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Decarbonization in Shipping Industry: A Review of Research, Technology Development, and Innovation Proposals


This review paper examines the possible pathways and possible technologies available that will help the shipping sector achieve the International Maritime Organization’s (IMO) deep decarbonization targets by 2050. There has been increased interest from important stakeholders regarding deep decarbonization, evidenced by market surveys conducted by Shell and Deloitte. However, deep decarbonization will require financial incentives and policies at an international and regional level given the maritime sector’s ~3% contribution to green house gas (GHG) emissions. The review paper, based on research articles and grey literature, discusses technoeconomic problems and/or benefits for technologies that will help the shipping sector achieve the IMO’s targets. The review presents a discussion on the recent literature regarding alternative fuels (nuclear, hydrogen, ammonia, methanol), renewable energy sources (biofuels, wind, solar), the maturity of technologies (fuel cells, internal combustion engines) as well as technical and operational strategies to reduce fuel consumption for new and existing ships (slow steaming, cleaning and coating, waste heat recovery, hull and propeller design). The IMO’s 2050 targets will be achieved via radical technology shift together with the aid of social pressure, financial incentives, regulatory and legislative reforms at the local, regional and international level.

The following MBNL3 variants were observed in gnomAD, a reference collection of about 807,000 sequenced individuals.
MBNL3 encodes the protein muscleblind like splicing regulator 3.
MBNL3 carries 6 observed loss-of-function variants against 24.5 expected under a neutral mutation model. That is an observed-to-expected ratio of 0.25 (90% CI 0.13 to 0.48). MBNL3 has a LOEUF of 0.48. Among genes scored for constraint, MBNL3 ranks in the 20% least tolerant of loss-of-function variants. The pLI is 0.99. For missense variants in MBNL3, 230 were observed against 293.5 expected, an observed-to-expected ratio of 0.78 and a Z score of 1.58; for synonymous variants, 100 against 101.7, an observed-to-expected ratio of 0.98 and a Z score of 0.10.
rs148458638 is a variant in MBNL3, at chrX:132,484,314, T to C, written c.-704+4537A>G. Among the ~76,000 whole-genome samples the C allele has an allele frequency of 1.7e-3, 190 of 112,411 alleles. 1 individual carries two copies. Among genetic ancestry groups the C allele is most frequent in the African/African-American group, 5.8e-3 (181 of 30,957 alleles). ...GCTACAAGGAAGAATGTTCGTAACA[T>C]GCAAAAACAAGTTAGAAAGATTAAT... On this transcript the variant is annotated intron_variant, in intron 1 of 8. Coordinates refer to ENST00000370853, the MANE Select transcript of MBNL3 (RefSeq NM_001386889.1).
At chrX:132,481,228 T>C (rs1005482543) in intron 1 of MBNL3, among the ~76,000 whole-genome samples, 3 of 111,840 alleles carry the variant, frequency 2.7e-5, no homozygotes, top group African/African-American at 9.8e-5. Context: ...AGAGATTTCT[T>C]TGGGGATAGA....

Funding source: This research was funded by CMMI Cyprus Marine and Maritime Institute. CMMI was established by the CMMI/MaRITeC-X project as a “Center of Excellence in Marine and Maritime Research, Innovation and Technology Development” and has received funding from the European Union’s Horizon 2020 research and innovation program under grant agreement No. 857586 and matching funding from the Government of the Republic of Cyprus.
Related subjects: Applications & Pathways
Countries: Cyprus

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